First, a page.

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The Bread Winners Bank
by Sy Schreckinger – ANTIQUE TOY WORLD Magazine – April, 1993

      The year was 1884. Squalor in the workplace and wage abuse were rampant. The paramount factors resulting in the exploitation of labor in this country were corruption in big business and monopolies. In order to stem these abusive conditions, the Anti-Monopoly Political Party was formed. Championed by Benjamin F. Butler, it suffered a stunning defeat at the hands of Grover Cleveland, with Butler unable to muster even a single electoral vote.
     Two years later, in 1886, the J. and E. Stevens Company, a leading manufacturer of cast-iron toys, located in Cromwell, Connecticut, captured the essence of the still piteous labor situation with its creation of the "Bread Winners" Bank (Figure I). Depicted is "Honest Labor," with sledge hammer in hand, poised to strike at the heavy club of "Monopoly." The recipient of the blow is the corrupt big business "Rascal," appearing in the form of a Semite. Immediately behind the "Rascal" is the head of the crooked politician, his body imprisoned in an overstuffed moneybag. Portrayal of the "Rascal" as a Semite may have been prompted by prejudicial propaganda directed towards the newly immigrated Jews. This practice of discriminatory characterization of minority groups was evident in the design of several mechanical banks which J. and E. Stevens manufactured: i.e., "Bad Accident," "Paddy and the Pig," "Reclining Chinaman," etc.
     To date, there is little information which relates to either patent or design of "Bread Winners." However, the discovery of a letter amongst the Stevens Foundry archives sheds some light upon its history. The correspondence was dated May 6, 1886, and written by mechanical bank designer, Charles A. Bailey, assigning to them "a bank which hits on the labor question and is called the Bread Winners Bank."
     Operation of the mechanical is simple and effective: the "Honest Labor" sledge hammer is raised and set into position. A coin is placed within the slot at the end of the "monopoly" club. The small lever in the back of the laborer is then pressed. This causes the sledge to strike sharply down upon the club, depositing the money into the large loaf of bread and sending the big business "Rascal" up, heels over head! Coins are removed through a round retainer underneath the base.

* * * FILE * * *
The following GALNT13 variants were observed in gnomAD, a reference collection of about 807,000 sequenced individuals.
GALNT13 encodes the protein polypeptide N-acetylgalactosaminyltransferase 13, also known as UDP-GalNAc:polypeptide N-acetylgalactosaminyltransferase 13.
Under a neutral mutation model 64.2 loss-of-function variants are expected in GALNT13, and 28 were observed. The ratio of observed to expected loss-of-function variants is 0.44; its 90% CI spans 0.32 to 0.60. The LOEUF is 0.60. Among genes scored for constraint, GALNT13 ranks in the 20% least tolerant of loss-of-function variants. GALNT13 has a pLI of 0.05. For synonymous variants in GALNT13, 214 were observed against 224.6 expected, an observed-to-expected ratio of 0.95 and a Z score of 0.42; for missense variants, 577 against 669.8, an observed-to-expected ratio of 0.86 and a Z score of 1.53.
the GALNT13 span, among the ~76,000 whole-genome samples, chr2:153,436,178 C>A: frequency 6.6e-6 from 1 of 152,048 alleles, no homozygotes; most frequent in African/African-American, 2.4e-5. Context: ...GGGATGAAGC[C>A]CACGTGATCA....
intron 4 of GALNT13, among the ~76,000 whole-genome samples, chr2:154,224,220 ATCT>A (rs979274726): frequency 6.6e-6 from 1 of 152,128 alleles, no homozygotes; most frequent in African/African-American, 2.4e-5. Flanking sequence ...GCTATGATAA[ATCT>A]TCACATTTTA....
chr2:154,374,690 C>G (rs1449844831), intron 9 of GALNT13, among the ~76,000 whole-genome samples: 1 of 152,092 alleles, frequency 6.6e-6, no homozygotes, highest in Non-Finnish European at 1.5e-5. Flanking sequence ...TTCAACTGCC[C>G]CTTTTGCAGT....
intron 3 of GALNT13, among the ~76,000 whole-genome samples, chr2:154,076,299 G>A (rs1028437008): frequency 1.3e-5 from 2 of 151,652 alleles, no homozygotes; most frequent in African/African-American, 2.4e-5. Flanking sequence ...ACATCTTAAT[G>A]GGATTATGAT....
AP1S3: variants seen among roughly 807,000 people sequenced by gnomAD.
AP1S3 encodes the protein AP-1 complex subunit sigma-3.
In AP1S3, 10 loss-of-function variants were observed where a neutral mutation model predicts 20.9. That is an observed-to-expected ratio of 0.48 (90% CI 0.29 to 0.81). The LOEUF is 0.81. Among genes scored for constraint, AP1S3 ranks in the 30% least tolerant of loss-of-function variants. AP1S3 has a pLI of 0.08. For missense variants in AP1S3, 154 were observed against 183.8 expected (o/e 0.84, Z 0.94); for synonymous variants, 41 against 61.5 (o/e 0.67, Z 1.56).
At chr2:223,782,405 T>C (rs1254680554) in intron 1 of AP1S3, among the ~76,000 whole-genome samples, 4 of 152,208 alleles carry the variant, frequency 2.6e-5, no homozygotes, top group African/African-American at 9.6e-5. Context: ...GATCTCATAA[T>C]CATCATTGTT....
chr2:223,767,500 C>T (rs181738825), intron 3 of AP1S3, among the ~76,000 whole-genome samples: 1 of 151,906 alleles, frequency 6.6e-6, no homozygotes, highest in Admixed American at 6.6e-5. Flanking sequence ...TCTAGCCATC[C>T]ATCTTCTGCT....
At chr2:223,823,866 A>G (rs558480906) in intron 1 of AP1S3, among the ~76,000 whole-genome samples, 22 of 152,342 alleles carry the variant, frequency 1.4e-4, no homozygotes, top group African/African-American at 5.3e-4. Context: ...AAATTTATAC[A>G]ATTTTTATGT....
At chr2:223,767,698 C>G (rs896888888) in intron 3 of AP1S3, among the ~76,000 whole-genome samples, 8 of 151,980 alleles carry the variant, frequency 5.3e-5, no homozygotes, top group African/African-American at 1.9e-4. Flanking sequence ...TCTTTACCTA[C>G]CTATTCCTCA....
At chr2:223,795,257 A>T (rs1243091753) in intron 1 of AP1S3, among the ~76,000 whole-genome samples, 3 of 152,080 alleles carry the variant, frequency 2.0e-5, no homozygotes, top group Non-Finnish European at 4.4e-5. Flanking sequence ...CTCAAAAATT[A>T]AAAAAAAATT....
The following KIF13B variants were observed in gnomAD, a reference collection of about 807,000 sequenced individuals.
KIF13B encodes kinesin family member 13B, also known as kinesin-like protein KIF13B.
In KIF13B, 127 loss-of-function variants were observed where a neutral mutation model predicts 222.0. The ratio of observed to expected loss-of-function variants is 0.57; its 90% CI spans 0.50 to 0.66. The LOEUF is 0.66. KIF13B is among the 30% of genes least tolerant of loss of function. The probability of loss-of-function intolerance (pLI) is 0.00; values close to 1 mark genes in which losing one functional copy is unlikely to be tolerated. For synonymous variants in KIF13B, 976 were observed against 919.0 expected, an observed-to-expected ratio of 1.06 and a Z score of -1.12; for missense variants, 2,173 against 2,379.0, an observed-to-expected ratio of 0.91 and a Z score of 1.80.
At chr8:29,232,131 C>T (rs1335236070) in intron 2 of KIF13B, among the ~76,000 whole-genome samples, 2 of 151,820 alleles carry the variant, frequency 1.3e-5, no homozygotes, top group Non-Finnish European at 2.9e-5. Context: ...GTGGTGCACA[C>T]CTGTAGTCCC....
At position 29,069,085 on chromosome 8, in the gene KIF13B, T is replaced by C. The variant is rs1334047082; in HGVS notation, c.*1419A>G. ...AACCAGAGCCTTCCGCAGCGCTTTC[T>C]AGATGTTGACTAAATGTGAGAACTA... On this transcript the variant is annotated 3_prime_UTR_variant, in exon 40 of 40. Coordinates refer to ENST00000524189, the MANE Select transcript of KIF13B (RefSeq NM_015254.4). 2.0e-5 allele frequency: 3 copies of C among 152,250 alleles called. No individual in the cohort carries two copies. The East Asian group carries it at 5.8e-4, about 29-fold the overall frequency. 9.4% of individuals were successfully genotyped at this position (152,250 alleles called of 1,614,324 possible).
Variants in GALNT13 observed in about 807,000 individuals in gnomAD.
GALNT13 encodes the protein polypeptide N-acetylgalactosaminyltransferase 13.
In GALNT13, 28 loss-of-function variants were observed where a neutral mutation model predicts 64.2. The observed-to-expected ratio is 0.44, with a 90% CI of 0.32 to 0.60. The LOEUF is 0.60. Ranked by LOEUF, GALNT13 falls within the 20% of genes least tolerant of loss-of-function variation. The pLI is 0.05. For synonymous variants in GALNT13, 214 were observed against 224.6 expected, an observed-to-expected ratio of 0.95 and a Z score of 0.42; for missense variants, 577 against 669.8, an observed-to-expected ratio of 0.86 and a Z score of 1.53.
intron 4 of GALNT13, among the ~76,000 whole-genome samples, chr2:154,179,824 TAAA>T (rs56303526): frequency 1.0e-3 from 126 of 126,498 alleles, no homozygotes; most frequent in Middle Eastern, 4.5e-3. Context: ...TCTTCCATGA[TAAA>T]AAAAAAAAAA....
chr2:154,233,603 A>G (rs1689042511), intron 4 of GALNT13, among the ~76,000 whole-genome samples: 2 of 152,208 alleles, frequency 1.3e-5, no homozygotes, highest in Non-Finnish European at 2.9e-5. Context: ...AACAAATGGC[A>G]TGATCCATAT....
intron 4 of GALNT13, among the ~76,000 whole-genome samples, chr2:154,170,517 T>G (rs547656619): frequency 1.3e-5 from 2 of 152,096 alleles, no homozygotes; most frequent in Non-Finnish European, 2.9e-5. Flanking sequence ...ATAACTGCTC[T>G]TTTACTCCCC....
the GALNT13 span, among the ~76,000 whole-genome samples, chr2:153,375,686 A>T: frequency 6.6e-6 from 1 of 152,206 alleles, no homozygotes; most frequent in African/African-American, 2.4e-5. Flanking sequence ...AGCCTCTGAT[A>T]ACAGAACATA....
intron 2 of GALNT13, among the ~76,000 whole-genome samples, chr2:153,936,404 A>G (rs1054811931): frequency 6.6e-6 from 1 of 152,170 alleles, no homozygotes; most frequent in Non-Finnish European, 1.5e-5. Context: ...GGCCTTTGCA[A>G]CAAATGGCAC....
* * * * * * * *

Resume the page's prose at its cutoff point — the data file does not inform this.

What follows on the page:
To find intended meaning in the fragmented imagery of the "Bread Winners" Bank, we must first take notice of the raised letters placed upon its many segments: across the base are the words, "SEND THE RASCALS UP — THE BREAD WINNERS BANK"; the loaf of bread is worded "HONEST LABOR BREAD"; the moneybag is embellished by the phrase "BOODLE, STEAL, BRIB­ERY," and the coin-slotted club states "MONOPOLY." Thus, upon activation of the bank, its meaning becomes evident. If labor strikes a forceful blow to monopoly, corrupt big business will be forced to relinquish its ill-acquired gain, thereby putting more bread into the mouths of the honest working man. Simultaneously, justice will prevail and the dishonest "Rascal" will be sent up "the river," to prison.
     There are no significant casting variations of the "Bread Winners" Bank, and few color variants. Occasionally, one may see the laborer, the rascal, and the base painted in reversed colors. The colors of the bank shown in Figure I are as follows: the laborer has pink, flesh-colored face and hands. He has black eyes, eyebrows, mustache, hair and shoes. His cap is reddish-brown, and he wears a dark blue shirt, olive green pants and a tan apron. The rascal's hands, face and feet are white. He has a black mustache, beard, eyes, eyebrows, and hair. His jacket is dark blue and he sports bright red pants. The politician emerging from the moneybag also has a white face, black eyes, eyebrows, hair and mustache. The moneybag is light brown with a dark blue drawstring. The "Monopoly" club is olive green, and the loaf of bread is painted shades of light brown and tan. One half of the base is red and the other is dark blue. All of the raised letters are highlighted in gold, as is the head of the sledge hammer and the anvil, upon which the "Monopoly" club rests.
     In view of the extreme rarity of the "Bread Winners" Bank (i.e., a superb example will command a high, five-figure price tag), I have included an early Selchow and Righter toy jobbers catalog advertisement, circa 1886-87, which may be of interest (Figure II). The price of the bank is listed at $8.50 per dozen!!!
     The "Bread Winners" Bank has been reproduced, ergo, Figure III, a base diagram of an original example. A recast example would appear approximately one-quarter of an inch shorter along the base than indicated.

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